The other good news? After two years, I still think The Silence of Ancient Light has promise, and I still like the story — even if it is devoid of any theme and the main character is flat and without growth. I know some of you are enjoying it, because you have told me so and I trust you when you do, but I also know that not very many people have read it, so the sample size is not large.
So no, I am not discontinuing SoAL, I will continue to churn out (or drizzle out, more likely) episodes for you, and I will try to figure out my own angst along the way. Perhaps I can pass some of that to Anna in the story to amp up the tension, although it’s not as if she doesn’t have enough on her plate to keep her angsty already!
Crisis averted. Though I have decided, for the health of my own stress levels, to pass on the contest this time around.
For SoAL readers curious about that original story from two years ago, there’s an oblique reference in a casual comment Anna makes to Laxmi in the 2nd scene. Yes, that’s right, these stories take place in the same universe. Can you spot it?
And for those curious about the contest I almost entered, it’s the Pacific Northwest Writers Association Unpublished contest. The deadline for entries is in about a week, so technically it’s still not too late! But no, I’m not ready, so you go right ahead.
header image credit: user:Free-Photos / Pixabay under Pixabay License
4 thoughts on “Crisis of Confidence”
Shorter pieces are definitely much harder to write. It’s a bit like the “elevator pitch” concept… always assume you have less than 30 seconds to elicit a meaningful response! Also you’re 100% spot-on about an impossible synopsis revealing flaws. I experienced the same with a story I wrote, and that’s when I knew it needed an overhaul.
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Another writer friend of mine tells me that this very problem turned her away from trying to pants novels (which is how she did her first), and now she writes the synopsis first, then outlines from there, and then begins writing. Of course, that’s a full turnaround to classic plotting, but I can’t deny it makes perfect logical sense, and in most things it is how my brain tends to work.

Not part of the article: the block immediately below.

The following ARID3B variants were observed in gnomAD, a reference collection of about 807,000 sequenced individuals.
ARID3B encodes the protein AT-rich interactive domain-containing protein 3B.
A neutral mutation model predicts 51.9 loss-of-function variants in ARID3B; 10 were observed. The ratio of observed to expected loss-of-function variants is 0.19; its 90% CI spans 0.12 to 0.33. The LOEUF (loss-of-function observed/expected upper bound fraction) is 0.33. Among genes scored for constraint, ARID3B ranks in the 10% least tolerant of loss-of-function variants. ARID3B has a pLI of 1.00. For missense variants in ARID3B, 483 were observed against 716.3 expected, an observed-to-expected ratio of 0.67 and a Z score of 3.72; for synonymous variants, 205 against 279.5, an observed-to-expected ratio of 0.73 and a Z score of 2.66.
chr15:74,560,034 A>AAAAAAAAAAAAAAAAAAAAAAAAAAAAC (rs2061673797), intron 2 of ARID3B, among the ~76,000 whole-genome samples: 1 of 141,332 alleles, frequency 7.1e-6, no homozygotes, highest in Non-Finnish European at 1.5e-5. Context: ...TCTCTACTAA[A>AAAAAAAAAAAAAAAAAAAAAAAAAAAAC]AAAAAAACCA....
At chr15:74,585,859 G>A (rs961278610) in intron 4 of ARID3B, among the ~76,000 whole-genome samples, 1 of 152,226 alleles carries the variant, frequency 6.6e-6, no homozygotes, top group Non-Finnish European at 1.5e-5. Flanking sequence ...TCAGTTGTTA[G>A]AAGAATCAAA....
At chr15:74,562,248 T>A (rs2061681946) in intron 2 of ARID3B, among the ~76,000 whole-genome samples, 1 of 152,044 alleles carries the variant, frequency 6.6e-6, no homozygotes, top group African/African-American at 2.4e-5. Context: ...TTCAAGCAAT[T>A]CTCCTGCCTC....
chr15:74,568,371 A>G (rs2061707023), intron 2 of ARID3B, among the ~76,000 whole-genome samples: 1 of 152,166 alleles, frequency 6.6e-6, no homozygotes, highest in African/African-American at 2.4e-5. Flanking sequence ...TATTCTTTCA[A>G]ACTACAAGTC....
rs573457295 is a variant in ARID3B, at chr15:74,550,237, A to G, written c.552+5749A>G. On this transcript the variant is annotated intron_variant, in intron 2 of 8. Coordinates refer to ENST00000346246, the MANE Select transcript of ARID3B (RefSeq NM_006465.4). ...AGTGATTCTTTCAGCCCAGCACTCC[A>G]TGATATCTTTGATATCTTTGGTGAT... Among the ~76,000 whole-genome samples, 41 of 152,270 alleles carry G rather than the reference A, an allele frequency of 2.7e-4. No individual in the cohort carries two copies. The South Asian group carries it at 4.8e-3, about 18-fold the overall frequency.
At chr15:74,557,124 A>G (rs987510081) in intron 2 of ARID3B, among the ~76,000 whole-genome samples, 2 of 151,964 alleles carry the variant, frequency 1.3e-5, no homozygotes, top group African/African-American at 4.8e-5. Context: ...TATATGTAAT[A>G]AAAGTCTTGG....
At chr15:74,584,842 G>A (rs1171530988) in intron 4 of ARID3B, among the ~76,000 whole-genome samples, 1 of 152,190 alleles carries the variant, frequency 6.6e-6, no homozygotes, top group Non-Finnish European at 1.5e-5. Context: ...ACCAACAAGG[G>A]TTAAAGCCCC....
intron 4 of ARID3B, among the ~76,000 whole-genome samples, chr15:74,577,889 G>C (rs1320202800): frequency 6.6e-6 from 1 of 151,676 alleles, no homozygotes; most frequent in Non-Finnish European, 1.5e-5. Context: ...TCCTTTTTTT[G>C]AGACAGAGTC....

On the other hand, writing without a clear outline or more than a vague idea of the plot does tend to free the imagination to go down avenues not previously considered, and it can be a great way to get the creative juices flowing.
My goal is to find a happy medium. The analytical side of me, so critical for my “day job,” really wants to be a solid plotter, but some of my most creative prose is only very lightly planned. I think having a sold synopsis, at least of the one-page “contest” variety, before writing, might end up being that middle ground. The five-page variety is halfway to being a fully-fleshed out plot already.
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This is exactly what happened to me! My first book was originally written without any planning. I dove right in, thinking that I had a ton of wiggle room since it’s a story about a very mixed-up young guy growing up in the late 1990s (and it’s told in first-person, which allows even more license to break/ignore rules) but it turned out to be a disaster. I scrapped it and started over by writing a clear synopsis, which eventually grew into a full plot. After that, I had a great time simply expanding upon plot points until there was a book in front of me! Now I’m working on a new book, and the synopsis/plot/expand method is going extremely well. By the way, my day job also requires a lot of right-brain stuff, and I’ve always operated best within a “controlled chaos” framework. Thanks so much for your comment, and I look forward to reading more thought-provoking posts on your blog!